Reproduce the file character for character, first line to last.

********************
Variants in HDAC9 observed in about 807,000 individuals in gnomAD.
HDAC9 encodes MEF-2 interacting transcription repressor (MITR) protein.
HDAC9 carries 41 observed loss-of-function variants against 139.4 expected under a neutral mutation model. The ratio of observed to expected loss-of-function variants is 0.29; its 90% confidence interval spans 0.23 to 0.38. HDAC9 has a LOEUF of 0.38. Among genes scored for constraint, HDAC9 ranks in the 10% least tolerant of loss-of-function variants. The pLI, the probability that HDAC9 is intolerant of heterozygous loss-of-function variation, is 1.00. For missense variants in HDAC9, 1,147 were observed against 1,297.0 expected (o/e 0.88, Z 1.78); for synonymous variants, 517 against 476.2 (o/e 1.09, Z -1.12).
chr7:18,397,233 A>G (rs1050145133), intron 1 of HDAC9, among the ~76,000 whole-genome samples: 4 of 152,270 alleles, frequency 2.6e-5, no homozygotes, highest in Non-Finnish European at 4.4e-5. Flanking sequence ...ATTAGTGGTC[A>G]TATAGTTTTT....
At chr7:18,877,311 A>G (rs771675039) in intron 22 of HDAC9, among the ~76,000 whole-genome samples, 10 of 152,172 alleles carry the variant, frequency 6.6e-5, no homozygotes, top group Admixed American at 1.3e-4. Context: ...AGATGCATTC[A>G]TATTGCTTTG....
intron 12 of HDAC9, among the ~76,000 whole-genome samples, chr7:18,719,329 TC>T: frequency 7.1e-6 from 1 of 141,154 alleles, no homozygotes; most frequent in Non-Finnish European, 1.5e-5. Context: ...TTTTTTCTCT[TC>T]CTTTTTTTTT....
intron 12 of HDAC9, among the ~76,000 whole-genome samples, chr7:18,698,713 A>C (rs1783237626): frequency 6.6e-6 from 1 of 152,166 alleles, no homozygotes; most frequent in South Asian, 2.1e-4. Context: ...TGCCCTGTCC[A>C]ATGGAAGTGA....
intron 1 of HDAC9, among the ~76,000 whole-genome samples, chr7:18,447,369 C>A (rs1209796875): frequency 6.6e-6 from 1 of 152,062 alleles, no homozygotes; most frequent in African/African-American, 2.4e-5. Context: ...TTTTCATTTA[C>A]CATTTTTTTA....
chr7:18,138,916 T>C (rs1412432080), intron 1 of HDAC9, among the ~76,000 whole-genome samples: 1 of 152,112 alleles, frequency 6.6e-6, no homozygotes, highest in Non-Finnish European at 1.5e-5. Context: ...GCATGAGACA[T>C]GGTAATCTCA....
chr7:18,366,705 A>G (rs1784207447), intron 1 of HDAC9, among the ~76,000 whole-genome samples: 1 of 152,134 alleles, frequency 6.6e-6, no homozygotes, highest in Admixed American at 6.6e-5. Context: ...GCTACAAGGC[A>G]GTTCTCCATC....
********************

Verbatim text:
Variants in HDAC9 observed in about 807,000 individuals in gnomAD.
HDAC9 encodes MEF-2 interacting transcription repressor (MITR) protein.
HDAC9 carries 41 observed loss-of-function variants against 139.4 expected under a neutral mutation model. The ratio of observed to expected loss-of-function variants is 0.29; its 90% confidence interval spans 0.23 to 0.38. HDAC9 has a LOEUF of 0.38. Among genes scored for constraint, HDAC9 ranks in the 10% least tolerant of loss-of-function variants. The pLI, the probability that HDAC9 is intolerant of heterozygous loss-of-function variation, is 1.00. For missense variants in HDAC9, 1,147 were observed against 1,297.0 expected (o/e 0.88, Z 1.78); for synonymous variants, 517 against 476.2 (o/e 1.09, Z -1.12).
chr7:18,397,233 A>G (rs1050145133), intron 1 of HDAC9, among the ~76,000 whole-genome samples: 4 of 152,270 alleles, frequency 2.6e-5, no homozygotes, highest in Non-Finnish European at 4.4e-5. Flanking sequence ...ATTAGTGGTC[A>G]TATAGTTTTT....
At chr7:18,877,311 A>G (rs771675039) in intron 22 of HDAC9, among the ~76,000 whole-genome samples, 10 of 152,172 alleles carry the variant, frequency 6.6e-5, no homozygotes, top group Admixed American at 1.3e-4. Context: ...AGATGCATTC[A>G]TATTGCTTTG....
intron 12 of HDAC9, among the ~76,000 whole-genome samples, chr7:18,719,329 TC>T: frequency 7.1e-6 from 1 of 141,154 alleles, no homozygotes; most frequent in Non-Finnish European, 1.5e-5. Context: ...TTTTTTCTCT[TC>T]CTTTTTTTTT....
intron 12 of HDAC9, among the ~76,000 whole-genome samples, chr7:18,698,713 A>C (rs1783237626): frequency 6.6e-6 from 1 of 152,166 alleles, no homozygotes; most frequent in South Asian, 2.1e-4. Context: ...TGCCCTGTCC[A>C]ATGGAAGTGA....
intron 1 of HDAC9, among the ~76,000 whole-genome samples, chr7:18,447,369 C>A (rs1209796875): frequency 6.6e-6 from 1 of 152,062 alleles, no homozygotes; most frequent in African/African-American, 2.4e-5. Context: ...TTTTCATTTA[C>A]CATTTTTTTA....
chr7:18,138,916 T>C (rs1412432080), intron 1 of HDAC9, among the ~76,000 whole-genome samples: 1 of 152,112 alleles, frequency 6.6e-6, no homozygotes, highest in Non-Finnish European at 1.5e-5. Context: ...GCATGAGACA[T>C]GGTAATCTCA....
chr7:18,366,705 A>G (rs1784207447), intron 1 of HDAC9, among the ~76,000 whole-genome samples: 1 of 152,134 alleles, frequency 6.6e-6, no homozygotes, highest in Admixed American at 6.6e-5. Context: ...GCTACAAGGC[A>G]GTTCTCCATC....